Chapter 19 - Army of Lumberjacks
On Pearl Harbor Day, yours truly was employed as a pond monkey at a sawmill in the little town of Sisters, Oregon, near Bend and Redmond. Had been there since 1939. I had seen World War II coming ever since the Spanish Revolution. US Governmental policy had been to passively aid Franco and his pals Hitler and Mussolini. I had made the bucket up in Seattle for being on the picket line trying to prevent scrap iron from going to Japan. Prior to that, had been pinched in Seattle for participating in demonstration against war and fascism. Oh yes, it was plain that war was coming all right. British, French, and American policy at that time was to aid and abet the struggle of the Axis Powers (Germany, Italy, and Japan) in their efforts to "abolish Bolshevism".
Hitler took a long hard look at the Russian Red Army and he decided that the safest bet was to attack France, Britain, and the Low Countries, which he did. It was at this point that the British, French, and American Governments fell out of Hitler's bed. The US began in earnest to help the British and French, instead of Herr Hitler. The French were betrayed by their own high command which was Pro-Hitler and they left the town of Sedan undefended thus allowing the Germans to outflank the Maginot line.
The Hitler made the granddaddy of ALL mistakes by attacking the Red Army, thereby sealing his doom as he now had a two front war, with practically the whole world lined up against the Axis. I can plainly recall being the only man in the town of Sisters who saw defeat for Hitler at that time (1940). They were all listening to military "experts" who had it that "Hitler would be in Moscow in 30 days."
And then-Pearl Harbor! The little town of Sisters was, like the rest of the world, electrified by the news. The sawmill shut down on Monday as several of the crew wanted to go over to Salem and volunteer for the army. Two of us of [World] War I vintage went over together to volunteer. The recruiter took one look at us and rejected us because of age, as "too old" My partner says, "Hell Scrib, let's go on over and join the German army as they ain't so particular."
The recruiter yells, "You guys get the hell out of here as we got a war to fight."
Old Whitey tells him, "well, from the looks of guys fighting it we're gonna lose it for sure as hell."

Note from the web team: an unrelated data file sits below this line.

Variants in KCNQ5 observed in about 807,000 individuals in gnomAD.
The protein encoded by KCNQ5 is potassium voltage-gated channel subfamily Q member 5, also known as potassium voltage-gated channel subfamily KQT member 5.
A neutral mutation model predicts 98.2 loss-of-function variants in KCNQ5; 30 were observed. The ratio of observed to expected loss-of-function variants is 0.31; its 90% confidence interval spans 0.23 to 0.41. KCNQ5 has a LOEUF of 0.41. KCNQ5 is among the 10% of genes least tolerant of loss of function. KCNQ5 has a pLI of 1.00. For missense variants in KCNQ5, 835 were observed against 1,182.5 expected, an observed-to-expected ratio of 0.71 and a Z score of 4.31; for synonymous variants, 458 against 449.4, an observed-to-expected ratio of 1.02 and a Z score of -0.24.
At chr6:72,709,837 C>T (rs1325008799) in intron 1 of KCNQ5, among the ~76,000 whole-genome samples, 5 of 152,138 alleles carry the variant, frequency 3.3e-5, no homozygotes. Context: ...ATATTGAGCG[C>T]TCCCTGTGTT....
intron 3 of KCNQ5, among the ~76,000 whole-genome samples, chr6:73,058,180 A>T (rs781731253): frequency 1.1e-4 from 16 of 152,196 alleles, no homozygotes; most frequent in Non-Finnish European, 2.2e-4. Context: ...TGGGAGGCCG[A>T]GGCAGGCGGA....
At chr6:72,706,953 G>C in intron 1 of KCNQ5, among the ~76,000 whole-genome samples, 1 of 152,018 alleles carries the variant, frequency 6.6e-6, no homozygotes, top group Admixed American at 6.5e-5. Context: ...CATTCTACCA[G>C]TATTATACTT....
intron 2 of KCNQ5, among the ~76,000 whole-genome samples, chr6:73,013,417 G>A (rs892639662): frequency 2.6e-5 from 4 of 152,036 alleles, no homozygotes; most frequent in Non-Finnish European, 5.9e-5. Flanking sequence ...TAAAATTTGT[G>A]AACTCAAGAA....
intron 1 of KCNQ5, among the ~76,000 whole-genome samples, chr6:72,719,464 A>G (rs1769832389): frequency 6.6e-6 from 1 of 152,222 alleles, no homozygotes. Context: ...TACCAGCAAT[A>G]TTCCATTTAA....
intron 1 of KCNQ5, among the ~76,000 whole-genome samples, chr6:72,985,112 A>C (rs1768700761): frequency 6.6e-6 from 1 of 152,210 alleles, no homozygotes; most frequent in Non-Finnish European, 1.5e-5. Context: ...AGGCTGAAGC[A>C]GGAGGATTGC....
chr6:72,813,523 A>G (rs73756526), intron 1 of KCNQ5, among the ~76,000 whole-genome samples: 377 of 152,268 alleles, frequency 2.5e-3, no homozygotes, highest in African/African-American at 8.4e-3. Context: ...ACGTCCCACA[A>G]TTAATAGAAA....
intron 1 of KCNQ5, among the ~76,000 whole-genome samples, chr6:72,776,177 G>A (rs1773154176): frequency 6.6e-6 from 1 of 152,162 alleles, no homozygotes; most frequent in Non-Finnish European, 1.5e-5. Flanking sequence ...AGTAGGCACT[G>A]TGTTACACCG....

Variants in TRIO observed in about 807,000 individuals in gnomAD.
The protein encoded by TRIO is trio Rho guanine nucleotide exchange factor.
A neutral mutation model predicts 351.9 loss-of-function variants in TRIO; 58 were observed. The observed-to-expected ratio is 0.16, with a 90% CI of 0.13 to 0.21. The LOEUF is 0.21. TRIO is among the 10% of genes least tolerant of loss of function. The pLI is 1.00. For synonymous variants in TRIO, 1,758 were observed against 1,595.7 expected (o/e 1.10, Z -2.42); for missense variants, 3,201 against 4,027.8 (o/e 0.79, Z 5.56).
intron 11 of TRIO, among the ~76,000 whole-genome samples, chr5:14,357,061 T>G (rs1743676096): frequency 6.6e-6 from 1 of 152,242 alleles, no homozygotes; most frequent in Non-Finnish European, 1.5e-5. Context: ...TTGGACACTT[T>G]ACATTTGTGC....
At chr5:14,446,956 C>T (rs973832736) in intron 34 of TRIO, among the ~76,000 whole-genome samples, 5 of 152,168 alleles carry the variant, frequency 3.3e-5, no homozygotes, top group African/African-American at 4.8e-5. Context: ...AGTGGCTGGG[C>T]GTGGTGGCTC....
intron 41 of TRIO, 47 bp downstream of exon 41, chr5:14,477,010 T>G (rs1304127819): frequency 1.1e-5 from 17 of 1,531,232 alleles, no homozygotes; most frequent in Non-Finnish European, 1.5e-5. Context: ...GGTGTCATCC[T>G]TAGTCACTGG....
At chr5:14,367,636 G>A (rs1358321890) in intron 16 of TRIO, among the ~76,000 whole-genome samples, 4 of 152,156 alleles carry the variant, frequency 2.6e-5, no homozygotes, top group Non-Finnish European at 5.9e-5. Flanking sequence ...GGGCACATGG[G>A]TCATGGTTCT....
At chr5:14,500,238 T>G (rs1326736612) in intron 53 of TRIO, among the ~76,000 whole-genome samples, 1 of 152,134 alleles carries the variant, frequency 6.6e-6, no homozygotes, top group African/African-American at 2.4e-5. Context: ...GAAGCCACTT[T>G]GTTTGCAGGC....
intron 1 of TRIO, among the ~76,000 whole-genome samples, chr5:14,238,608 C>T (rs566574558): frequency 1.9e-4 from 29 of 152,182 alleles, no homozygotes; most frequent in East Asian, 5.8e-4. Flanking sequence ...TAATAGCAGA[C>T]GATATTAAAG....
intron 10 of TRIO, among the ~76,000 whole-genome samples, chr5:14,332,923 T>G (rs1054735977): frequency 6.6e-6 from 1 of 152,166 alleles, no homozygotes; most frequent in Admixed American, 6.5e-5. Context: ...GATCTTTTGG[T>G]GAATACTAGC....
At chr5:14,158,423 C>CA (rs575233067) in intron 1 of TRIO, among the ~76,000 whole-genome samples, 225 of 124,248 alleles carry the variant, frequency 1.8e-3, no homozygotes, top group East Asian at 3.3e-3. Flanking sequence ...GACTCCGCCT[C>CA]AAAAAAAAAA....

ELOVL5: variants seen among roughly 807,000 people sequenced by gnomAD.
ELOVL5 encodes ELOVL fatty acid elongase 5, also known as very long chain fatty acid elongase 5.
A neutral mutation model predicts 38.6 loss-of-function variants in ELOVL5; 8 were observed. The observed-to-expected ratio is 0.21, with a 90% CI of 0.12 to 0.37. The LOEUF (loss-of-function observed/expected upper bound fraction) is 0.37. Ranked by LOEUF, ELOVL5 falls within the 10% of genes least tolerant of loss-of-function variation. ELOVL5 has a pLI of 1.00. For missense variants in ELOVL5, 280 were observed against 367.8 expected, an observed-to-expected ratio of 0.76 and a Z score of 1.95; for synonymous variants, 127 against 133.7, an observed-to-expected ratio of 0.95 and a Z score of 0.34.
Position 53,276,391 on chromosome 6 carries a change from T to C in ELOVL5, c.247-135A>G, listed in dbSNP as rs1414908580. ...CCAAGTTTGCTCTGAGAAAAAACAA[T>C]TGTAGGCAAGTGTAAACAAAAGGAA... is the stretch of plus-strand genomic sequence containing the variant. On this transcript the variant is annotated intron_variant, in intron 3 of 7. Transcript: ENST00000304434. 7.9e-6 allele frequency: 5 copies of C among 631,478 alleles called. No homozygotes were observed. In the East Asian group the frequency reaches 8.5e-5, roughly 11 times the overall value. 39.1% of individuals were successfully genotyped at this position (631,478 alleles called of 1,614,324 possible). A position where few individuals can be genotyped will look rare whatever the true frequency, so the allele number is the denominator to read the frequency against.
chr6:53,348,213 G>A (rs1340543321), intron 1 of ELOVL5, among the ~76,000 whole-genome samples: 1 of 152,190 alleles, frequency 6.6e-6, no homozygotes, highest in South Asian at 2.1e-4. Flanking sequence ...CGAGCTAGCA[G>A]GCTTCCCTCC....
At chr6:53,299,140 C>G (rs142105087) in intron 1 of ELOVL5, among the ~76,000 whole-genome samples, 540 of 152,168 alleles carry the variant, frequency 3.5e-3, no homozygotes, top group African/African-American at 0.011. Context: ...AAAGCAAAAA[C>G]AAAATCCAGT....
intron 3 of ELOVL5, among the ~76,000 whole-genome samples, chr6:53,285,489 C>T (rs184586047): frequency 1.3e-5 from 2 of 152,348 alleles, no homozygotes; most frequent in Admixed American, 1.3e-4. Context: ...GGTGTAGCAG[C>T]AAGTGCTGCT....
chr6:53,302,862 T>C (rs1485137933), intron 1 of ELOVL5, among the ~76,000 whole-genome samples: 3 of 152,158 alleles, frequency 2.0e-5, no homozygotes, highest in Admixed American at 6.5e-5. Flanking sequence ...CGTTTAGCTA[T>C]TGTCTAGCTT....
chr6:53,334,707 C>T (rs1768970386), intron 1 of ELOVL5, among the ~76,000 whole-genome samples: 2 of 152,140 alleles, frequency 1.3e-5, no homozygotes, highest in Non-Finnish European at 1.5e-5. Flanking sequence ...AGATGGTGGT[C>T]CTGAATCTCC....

So-we go back to Sisters to work in the mill. A few days later, Oregon State begins to beef up its State Guard, so a meeting is held at Bend, Oregon to organize a battalion of Infantry for Central Oregon in order to "defend the two mountain passes in case of Japanese invasion". There is to be a Company each at Bend, Redmond, and Sisters.
The meeting at Bend was a "riot". There was a big discussion about ways and means of organizing the battalion, [and] about the possibility of a Japanese attack on Oregon and Washington. Then one 'wise guy' from up Sisters way says, "What the hell are you guys worrying about? Let the damn Japanese come if they want to, as we'll just put 'em to work in these sawmills and starve 'em to death!"
Then another guy chimes in and says, "Hell no, shut the mills down and put 'em on unemployment compensation, and that WILL get 'em!"
After this bit of levity we got down to business and organized the three companies. Myself and the man who went over to Salem to volunteer were made Lieutenants and we drilled the company on weekends on the school grounds. And what a company! Half of them drunk and none of them taking it too seriously (the drill, that is). I had them at what passed for "attention", then gave them a "right face" and a "forward march" then a bit later, "halt", then a "left face". There they were, scattered like a lot of damned geese so I says, "Well boys, looks like we'll have to shut her down until we get more men to fill up these holes."
The drill WAS stupid, as our main plan of defense was based on bulldozers and dynamite, plus power saws to block the passes, with our company acting as guerillas in the brush. You didn't have to know how to march in cadence for THAT. We drilled the men until they were drafted, then we would get new recruits in. Finally the war came to a screeching halt and thus ended the Sisters company of the Guard.
 The Netherlands
 And yet, some American corporations STILL traded with Germany.
 Napoleon made almost the same mistake one century earlier; it seems that both Hitler and Napoleon underestimated the strength of the Russian military forces and the cold Russian winters.